A presentation of a single line diagram of an 11-kV switchgear as an example in Asian country (Iraq) is shown above in Figure 1, and a typical electricity power system in the same country is shown in Figure 2.

Typical electricity power system in an Asian country
Figure 2 – Typical electricity power system in an Asian country

Power Quality

Classification of Power system disturbances

To make the study of Power Quality problems useful, the various types of disturbances need to be classified by magnitude and duration. This is especially important for manufacturers and users of equipment that may be at risk. The principal standards in this field are IEC 61000, EN 50160, and IEEE 1159.

Standards are essential for manufacturers and users alike, to define what is reasonable in terms of disturbances that might occur and what equipment should withstand.

The following definition has been worked out by the IEC – TC77A / WG09 “Power Quality Measurement Methods” in the course of the standard 61000-4-30 task force: Power Quality: The characteristics of the electricity at a given point on an electrical system, evaluated against a set of reference technical parameters.

The following parameters are relevant for the power quality corresponding the European standard EN 50160:

  • Voltage level, slow voltage deviation
  • Voltage dips (short, long)
  • Voltage drop
  • Rapid voltage deviation, flicker
  • Unbalance
  • Voltage distortion (harmonics, signal, voltage)
  • Transient and mains frequency overvoltage
  • Frequency

6.3 Load Flow Calculation Method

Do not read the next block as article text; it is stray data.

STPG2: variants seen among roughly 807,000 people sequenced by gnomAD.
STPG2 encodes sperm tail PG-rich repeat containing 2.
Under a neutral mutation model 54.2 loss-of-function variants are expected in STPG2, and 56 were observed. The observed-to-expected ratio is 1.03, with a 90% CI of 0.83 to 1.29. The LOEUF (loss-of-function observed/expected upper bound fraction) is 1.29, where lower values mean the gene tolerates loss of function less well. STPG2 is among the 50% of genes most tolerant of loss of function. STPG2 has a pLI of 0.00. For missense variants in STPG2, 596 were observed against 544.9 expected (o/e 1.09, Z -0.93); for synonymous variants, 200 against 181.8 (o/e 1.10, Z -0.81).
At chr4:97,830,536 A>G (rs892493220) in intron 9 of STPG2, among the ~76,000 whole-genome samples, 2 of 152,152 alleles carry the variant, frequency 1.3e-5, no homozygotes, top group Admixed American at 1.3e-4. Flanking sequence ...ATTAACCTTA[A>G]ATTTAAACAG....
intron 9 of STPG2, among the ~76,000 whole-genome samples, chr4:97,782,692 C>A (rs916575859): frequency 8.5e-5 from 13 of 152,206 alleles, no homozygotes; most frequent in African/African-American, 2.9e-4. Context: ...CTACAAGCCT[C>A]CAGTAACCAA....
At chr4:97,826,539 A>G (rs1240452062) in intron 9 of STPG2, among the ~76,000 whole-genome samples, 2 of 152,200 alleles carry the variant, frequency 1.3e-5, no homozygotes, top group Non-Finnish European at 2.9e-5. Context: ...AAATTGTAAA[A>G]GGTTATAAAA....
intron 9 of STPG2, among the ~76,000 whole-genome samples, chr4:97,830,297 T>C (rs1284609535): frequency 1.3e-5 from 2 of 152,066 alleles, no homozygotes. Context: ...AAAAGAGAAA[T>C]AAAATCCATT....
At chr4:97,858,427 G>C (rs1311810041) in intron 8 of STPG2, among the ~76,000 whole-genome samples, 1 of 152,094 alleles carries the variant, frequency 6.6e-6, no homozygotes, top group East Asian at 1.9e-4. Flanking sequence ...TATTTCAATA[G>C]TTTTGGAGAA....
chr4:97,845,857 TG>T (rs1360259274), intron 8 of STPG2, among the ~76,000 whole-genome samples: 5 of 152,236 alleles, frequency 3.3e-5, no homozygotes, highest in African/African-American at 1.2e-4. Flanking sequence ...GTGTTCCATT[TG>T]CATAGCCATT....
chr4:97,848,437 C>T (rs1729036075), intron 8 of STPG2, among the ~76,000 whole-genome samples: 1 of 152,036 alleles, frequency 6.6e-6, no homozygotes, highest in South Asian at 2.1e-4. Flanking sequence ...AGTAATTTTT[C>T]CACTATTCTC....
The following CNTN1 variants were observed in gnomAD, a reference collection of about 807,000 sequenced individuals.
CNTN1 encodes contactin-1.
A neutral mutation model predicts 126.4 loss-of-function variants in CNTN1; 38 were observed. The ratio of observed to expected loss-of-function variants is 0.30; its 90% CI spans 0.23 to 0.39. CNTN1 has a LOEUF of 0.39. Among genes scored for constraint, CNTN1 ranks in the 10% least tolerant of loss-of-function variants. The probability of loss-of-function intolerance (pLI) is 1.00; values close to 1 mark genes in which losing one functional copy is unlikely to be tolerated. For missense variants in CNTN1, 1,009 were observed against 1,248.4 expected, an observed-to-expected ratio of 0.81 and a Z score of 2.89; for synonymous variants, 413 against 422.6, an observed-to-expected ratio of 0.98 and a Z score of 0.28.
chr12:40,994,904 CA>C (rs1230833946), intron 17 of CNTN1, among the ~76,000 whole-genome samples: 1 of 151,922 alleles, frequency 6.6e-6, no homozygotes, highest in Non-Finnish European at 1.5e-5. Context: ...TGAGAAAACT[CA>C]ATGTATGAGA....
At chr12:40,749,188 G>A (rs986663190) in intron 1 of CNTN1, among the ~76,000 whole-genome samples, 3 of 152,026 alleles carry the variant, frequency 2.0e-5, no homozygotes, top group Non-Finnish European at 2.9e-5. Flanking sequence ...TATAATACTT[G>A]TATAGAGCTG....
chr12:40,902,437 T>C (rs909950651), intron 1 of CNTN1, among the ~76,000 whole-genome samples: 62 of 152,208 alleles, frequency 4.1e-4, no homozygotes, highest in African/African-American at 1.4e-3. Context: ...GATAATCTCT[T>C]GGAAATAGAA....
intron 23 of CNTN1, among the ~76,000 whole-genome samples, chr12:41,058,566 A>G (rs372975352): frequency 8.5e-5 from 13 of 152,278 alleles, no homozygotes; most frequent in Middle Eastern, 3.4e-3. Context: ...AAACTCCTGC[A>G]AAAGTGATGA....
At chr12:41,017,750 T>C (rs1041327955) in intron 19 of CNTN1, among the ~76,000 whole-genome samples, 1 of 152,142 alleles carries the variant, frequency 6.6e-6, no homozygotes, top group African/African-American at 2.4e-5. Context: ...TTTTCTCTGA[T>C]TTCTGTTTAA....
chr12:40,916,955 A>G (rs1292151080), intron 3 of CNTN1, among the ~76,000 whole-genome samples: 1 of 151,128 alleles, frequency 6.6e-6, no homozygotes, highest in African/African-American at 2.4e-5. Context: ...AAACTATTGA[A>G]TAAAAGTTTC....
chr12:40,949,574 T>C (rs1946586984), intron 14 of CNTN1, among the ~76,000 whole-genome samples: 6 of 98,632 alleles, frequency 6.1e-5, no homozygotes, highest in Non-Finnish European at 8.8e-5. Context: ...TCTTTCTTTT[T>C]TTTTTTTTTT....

The goal of a power flow study is to obtain the complete voltage angle and magnitude information for each bus in a power system for specified load and generator real power and voltage conditions. Once this information is known, real and reactive power flow on each branch as well as generator reactive power output can be analytically determined.

Due to the nonlinear nature of this problem, numerical methods are employed to obtain a solution that is within an acceptable tolerance. The solution to the power flow problem begins with identifying the known and unknown variables in the system.

The known and unknown variables are dependent on the type of bus.

  • A bus without any generators connected to it is called a Load Bus.
  • With one exception, a bus with at least one generator connected to it is called a Generator Bus.
  • The exception is one arbitrarily-selected bus that has a generator. This bus is referred to as the Slack Bus.
  • Slack Bus at which: P = ∞,  Q = ∞ and V = constant
Title:Medium voltage networks – Load flow calculation and network planning (Master’s Thesis) by Amina Mohiden at Institute of Electrical Power Systems Graz University of Technology
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Medium voltage networks - Load flow calculation and network planning
Medium voltage networks – Load flow calculation and network planning

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    Mar 09, 2021

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    May 05, 2020